For decades, contemporary liberals have stopped conservatives dead in their tracks by claiming ownership of the moral high ground. The liberals are the self-declared defenders of the children, the poor, the infirmed, the handicapped, the aged. They want to give a hand up to the unfortunate and the victims of discrimination and greed. Liberals will change the era where the rich and powerful exploited the weak and powerless and give them hope. To oppose such lofty goals is to be stingy, greedy, corrupt, and just plain mean. And that is how they present conservatives and Republicans to the voters.
It works because many conservatives have accepted the premises that greed is bad and that “society” has a moral obligation to help the children, et al. Then they proceed to counter the liberals' political programs by arguing that liberals need to temper their idealism with fiscal responsibility and recognize that they could wreck the engine of prosperity by excessive taxation and deficit spending. They also argue that too much paternalism will destroy individual incentives to work hard and create taxable wealth. In other words, they concede that the liberals own the moral high ground but argue that they need to be practical.
The left will always own the high ground under these circumstances and the political battles will continue to be fought only over how to keep from killing the goose that lays golden eggs.
The Christian right argues that life, liberty and pursuit of happiness are God given rights recognized in the Declaration of Independence and because they come from God those rights have moral superiority over others. These rights include the exclusive right to the fruits of one's labors. However, their arguments are inconsistent with the religious ethics of self-sacrifice and selflessness, to which many Christians subscribe and which should make them eager to support altruistic government programs. And the notion that property rights is a principle that is morally superior to self-sacrifice is not necessarily seen by all Christians as sanctioned by God. Even the Pope is a socialist.
Libertarians (including some self-styled conservatives) have much better arguments about limited government, property rights and individual freedom, but they stop short of supporting “greed is good” with an ethical philosophy. They argue simply that the political principle of freedom allows people to be greedy as long as they to not coerce others. Libertarians lose the moral argument because they do not make it.
The opponents of the left will never own the moral high ground unless they win it on the merits of their moral arguments. And unless they own it, they will fail progressively to defend your right to earn as much as possible and to keep your property and the fruits of your labors.
How can they persuade the majority of voters that their moral and political positions are superior to those of the left? First of all, they need to subscribe to a morality that accepts rational self-interest as one of the foundations of ethics and morality. The logical consequences of a failure to do so will keep us on the road to serfdom and cede the political system to those who wish to pretend that it is moral to redistribute your wealth (i.e., to take your property and give it to their political favorites, whether they be poor people or Wall Street investment banks).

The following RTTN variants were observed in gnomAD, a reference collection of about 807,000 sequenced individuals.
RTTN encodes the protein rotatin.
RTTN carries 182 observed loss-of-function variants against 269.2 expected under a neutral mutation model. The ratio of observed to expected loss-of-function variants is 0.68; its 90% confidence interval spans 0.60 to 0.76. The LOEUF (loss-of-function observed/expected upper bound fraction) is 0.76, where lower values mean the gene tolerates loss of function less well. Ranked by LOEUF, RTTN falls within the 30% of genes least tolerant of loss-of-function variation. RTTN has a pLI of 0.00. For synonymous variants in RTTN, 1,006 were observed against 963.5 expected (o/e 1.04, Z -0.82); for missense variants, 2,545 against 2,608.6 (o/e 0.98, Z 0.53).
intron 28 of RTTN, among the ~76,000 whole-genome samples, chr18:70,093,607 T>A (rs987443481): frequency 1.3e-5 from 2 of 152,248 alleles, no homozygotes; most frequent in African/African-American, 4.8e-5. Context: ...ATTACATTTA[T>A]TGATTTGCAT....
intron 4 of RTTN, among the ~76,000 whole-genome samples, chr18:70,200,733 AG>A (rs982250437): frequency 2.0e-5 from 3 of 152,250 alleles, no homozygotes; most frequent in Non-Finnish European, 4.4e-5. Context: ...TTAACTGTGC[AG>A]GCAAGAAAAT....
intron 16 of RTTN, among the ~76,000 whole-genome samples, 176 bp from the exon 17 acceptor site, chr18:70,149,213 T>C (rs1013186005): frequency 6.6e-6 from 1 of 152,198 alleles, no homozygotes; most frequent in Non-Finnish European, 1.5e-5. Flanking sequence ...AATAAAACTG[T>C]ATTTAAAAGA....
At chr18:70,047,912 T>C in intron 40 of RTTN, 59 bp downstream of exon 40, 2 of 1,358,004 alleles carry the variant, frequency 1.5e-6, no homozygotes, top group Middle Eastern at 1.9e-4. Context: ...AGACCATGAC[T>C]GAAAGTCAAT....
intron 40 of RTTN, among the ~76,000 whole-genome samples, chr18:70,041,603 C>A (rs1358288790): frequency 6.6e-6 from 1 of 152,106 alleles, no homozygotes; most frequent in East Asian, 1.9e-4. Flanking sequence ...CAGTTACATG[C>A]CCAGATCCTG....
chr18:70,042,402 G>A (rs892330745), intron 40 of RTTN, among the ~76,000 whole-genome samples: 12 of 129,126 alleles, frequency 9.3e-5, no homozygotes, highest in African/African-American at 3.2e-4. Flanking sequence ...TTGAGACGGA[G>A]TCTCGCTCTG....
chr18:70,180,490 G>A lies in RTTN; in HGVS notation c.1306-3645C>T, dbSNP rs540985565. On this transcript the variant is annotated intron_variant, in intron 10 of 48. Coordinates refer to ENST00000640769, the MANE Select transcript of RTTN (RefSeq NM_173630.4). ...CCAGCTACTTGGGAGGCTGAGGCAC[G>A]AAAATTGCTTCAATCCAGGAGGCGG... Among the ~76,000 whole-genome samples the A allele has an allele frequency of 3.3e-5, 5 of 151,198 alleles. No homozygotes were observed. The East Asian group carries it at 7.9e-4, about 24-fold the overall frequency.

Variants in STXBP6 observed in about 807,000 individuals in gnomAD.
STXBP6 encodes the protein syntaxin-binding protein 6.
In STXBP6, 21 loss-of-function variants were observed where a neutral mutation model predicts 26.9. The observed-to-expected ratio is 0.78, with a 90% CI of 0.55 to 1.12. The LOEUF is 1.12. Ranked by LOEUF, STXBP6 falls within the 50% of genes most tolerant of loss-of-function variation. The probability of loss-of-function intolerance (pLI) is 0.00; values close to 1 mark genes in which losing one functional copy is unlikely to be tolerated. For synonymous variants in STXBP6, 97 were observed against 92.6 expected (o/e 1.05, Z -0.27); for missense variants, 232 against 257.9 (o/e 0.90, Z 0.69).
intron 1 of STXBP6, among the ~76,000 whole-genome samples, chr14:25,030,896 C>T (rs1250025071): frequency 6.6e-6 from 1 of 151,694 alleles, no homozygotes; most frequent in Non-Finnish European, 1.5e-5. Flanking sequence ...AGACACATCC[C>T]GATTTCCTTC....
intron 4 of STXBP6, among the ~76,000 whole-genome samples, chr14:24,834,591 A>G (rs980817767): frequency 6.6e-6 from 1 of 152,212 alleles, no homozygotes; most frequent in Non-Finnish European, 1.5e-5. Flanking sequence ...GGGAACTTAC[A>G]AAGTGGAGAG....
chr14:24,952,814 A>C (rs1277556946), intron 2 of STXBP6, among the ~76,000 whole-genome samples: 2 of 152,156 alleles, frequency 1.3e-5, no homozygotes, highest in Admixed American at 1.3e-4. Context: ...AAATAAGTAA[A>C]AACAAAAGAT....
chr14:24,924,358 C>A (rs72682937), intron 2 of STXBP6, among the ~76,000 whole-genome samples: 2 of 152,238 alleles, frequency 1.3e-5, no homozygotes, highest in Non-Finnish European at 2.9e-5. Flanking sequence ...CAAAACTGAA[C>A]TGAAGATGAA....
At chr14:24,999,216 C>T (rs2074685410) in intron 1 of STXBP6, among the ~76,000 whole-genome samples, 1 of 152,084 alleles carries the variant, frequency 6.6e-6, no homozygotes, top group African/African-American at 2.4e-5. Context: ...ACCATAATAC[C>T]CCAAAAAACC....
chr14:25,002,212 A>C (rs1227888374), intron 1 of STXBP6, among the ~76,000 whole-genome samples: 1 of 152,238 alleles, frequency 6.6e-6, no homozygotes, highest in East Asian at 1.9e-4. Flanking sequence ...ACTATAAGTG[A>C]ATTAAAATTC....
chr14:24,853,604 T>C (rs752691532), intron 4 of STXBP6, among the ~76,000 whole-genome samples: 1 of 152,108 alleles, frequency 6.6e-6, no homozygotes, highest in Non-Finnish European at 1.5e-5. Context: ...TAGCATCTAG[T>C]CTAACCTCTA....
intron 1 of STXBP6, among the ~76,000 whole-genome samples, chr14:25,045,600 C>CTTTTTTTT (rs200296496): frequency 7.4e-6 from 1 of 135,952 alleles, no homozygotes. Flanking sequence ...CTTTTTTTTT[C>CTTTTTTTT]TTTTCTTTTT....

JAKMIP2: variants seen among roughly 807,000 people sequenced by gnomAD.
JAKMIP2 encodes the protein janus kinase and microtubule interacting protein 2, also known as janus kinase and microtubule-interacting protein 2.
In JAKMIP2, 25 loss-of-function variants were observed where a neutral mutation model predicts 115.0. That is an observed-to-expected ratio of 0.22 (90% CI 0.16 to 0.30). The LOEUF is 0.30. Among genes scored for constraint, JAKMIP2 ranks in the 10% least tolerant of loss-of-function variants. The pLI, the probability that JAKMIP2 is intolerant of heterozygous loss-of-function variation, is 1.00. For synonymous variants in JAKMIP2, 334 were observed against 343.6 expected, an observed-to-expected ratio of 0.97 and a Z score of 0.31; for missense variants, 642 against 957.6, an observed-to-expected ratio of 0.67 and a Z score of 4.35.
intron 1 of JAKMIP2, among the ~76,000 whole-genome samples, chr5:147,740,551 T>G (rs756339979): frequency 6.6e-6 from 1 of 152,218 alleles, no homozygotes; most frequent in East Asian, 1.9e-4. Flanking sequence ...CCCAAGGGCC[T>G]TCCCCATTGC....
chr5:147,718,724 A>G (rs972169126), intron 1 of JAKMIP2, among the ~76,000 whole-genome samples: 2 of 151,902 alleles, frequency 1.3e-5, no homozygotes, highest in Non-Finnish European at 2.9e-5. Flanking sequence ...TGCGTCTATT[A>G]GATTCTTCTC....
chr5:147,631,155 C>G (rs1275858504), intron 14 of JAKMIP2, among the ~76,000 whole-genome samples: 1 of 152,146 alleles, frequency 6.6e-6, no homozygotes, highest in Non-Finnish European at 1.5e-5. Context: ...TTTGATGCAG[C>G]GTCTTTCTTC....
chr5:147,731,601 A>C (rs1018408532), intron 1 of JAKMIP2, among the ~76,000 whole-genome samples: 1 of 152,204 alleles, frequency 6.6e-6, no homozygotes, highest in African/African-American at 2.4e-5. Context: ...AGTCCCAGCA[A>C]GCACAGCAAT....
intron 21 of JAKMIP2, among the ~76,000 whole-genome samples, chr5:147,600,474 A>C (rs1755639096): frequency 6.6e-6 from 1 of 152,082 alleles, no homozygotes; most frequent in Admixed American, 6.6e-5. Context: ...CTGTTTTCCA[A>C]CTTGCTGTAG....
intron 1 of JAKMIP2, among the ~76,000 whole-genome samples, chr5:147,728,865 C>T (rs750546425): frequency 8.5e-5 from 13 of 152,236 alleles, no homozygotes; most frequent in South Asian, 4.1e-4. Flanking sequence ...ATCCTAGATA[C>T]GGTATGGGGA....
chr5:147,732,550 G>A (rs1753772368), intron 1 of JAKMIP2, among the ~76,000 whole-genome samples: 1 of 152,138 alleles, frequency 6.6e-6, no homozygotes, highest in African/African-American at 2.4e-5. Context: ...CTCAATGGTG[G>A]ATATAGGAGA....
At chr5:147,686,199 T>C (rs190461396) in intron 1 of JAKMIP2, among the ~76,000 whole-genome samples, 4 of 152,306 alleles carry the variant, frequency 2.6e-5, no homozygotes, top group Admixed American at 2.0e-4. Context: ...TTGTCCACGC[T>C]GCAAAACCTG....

Libertarians and conservatives need to change attitudes and shine the light of day on the unstated false assumption that people who are less fortunate than you have a right to your property and your life. And that change starts with you. Changing popular understanding begins in your neighborhood, in your business circles and in your associations. It is a daunting undertaking, but it most certainly will not be accomplished if those who understand its importance shrink from the task or retreat into cynicism.
Here are some suggestions:
Start using the word “force” when referring to the government and its actions. Make a point of noting that whatever the government mandates involves coercion. Taxation, especially taxation to pay for something that could be accomplished by private individuals, is money extracted from you at the point of a gun that would not otherwise be given voluntarily. To understand what “point of a gun” means, consider what would happen if you did not pay your taxes or obey government mandates.
Because the government holds a legal monopoly over force in order to defend your individual rights to be free from force, taxation is one way to fund the police and military. But taxes should be a way to raise revenue to cover the cost of that legitimate function, not a way to achieve a social agenda. Social trends should be left to the spontaneity of free individuals.
Avoid collective, anonymous abstractions like “public” and “society” when you can communicate your message better with more specific words like “government” and “individuals” – as, for example, in government schools rather than public schools, “the individuals in charge of the government” instead of “government.” Always use the most specific term appropriate.